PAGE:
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US Army Looking to Procure High-Altitude Jammer Ahead of Upcoming Exercises

© DARPAThe goal of the Adaptable Lighter Than Air (ALTA) program is to develop and demonstrate a high altitude lighter-than-air vehicle capable of wind-borne navigation over extended ranges. The balloons can fly at altitudes of more than 75,000 feet. While they do not have independent propulsion, the ALTA vehicle is designed to navigate by changing altitude and thus taking advantage of different wind profiles aloft. A state-of-the-art Winds Aloft Sensor (WAS) is also being developed on the program, which is intended to provide real time stratospheric wind measurements.
The goal of the Adaptable Lighter Than Air (ALTA) program is to develop and demonstrate a high altitude lighter-than-air vehicle capable of wind-borne navigation over extended ranges. The balloons can fly at altitudes of more than 75,000 feet. While they do not have independent propulsion, the ALTA vehicle is designed to navigate by changing altitude and thus taking advantage of different wind profiles aloft. A state-of-the-art Winds Aloft Sensor (WAS) is also being developed on the program, which is intended to provide real time stratospheric wind measurements. - Sputnik International, 1920, 19.08.2021
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Last year, the US Army established a new integration directorate aligned under three offices within the Program Executive Office for Intelligence, Electronic Warfare and Sensors. The directorate, in part, determines what new systems, like the Multi-Domain Sensing System (MDSS), can be used to transmit data from sensors and nodes to the battlefield.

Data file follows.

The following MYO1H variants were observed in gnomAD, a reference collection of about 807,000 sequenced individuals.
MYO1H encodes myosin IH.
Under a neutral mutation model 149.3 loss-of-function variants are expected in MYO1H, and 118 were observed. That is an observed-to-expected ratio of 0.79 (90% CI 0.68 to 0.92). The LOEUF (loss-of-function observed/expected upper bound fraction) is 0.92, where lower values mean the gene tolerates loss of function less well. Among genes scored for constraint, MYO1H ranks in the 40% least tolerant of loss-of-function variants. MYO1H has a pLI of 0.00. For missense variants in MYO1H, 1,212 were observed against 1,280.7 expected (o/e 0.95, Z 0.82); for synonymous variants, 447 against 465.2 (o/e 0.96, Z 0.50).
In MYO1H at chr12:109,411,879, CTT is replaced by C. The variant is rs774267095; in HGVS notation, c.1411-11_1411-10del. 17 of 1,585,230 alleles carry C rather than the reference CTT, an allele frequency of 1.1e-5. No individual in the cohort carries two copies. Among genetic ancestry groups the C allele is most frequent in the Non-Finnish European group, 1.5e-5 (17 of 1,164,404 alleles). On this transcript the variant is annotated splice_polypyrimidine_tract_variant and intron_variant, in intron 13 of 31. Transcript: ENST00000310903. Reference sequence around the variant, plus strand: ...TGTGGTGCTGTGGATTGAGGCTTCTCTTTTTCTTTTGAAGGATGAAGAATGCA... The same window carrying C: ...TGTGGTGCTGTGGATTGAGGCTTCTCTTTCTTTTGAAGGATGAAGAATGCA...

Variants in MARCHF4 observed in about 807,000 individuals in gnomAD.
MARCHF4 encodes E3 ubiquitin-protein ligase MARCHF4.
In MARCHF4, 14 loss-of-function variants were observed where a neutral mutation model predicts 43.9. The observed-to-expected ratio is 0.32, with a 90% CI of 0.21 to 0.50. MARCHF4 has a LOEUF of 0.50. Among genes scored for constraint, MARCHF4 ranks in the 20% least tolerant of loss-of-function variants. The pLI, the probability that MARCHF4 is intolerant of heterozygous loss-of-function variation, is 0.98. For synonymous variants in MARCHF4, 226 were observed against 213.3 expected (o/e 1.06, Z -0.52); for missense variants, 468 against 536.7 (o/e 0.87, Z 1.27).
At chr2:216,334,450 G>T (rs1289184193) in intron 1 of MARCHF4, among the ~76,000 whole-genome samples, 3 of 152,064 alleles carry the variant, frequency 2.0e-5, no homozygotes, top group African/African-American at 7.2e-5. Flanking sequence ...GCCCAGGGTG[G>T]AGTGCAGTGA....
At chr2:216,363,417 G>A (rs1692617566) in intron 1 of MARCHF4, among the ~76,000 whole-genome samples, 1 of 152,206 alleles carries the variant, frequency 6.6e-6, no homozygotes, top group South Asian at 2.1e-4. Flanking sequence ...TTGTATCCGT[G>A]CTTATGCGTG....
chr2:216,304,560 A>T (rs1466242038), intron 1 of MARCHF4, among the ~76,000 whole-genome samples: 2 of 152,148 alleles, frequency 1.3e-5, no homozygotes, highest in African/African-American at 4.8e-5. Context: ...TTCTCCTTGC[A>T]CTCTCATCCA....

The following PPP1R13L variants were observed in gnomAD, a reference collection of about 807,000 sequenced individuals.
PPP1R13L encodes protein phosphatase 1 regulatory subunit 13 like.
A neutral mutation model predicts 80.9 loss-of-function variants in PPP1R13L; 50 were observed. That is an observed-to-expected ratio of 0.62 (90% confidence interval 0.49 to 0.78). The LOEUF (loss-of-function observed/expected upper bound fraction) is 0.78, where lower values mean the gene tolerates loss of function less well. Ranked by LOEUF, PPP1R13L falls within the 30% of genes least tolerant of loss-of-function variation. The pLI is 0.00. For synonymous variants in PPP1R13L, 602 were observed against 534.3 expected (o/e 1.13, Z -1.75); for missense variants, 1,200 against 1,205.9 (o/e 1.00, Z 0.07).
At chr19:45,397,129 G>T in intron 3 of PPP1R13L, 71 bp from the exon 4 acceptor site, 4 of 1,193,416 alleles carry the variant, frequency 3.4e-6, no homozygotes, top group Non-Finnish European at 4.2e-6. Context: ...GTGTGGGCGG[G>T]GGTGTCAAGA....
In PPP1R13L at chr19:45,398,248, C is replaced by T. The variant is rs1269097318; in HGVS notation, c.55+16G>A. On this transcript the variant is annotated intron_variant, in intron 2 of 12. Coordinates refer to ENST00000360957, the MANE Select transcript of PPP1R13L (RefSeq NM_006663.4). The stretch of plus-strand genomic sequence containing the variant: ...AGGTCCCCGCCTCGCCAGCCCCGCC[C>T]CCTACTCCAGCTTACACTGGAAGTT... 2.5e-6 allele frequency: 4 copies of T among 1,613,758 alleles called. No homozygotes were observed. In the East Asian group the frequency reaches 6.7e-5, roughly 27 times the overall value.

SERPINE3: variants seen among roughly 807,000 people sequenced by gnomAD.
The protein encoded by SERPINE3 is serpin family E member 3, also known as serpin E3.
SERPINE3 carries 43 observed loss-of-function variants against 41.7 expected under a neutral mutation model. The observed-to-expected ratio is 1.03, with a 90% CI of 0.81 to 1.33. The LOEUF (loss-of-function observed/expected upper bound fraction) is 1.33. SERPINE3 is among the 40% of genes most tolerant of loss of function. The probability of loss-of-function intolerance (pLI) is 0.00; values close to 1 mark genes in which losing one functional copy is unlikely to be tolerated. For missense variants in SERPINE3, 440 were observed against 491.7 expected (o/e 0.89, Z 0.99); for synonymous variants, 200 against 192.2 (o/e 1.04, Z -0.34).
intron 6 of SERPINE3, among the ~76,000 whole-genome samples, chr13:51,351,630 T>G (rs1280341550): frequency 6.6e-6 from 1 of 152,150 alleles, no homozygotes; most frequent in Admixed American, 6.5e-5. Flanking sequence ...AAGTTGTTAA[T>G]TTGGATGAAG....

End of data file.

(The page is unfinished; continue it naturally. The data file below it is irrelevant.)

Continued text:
Speaking to attendees of the TechNet Augusta conference in Augusta, Georgia, on Tuesday, US Army Col. Daniel Holland revealed that the service is looking to develop a high-altitude cyber, intelligence and electronic warfare sensor that is capable of providing data to allies. 
Holland, who serves as the Army's capability manager for electronic warfare, also expressed that the sensor should be able to jam or disrupt enemy signals. 
"The idea is blanketing the deep area with low-cost [attributable] sensors to enable deep sensing and deep effects," said Holland, as reported by C4ISRNet.
"Essentially our question is can we get the payload light enough to fly on this penetrating, high-altitude, attributable platform, get close enough to place our effects on target, likely with a special purpose electronic attack or [radio-frequency]-enabled cyber." 
Holland added that the system, dubbed the High-Altitude Extended-Range Long Endurance Intelligence Observation System (HELEIOS), comes as part of the MDSS family, and is designed to operate around 60,000 feet (18288 meters) or higher.  
HELEIOS will likely take form as a sensor mounted on a solar glide vehicle or balloon. 
According to the Army's timeline, the service will begin experimenting with the system during Project Convergence 2022 and a technology demonstration slated to take place in the Indo-Pacific during Fiscal Year 2022. 
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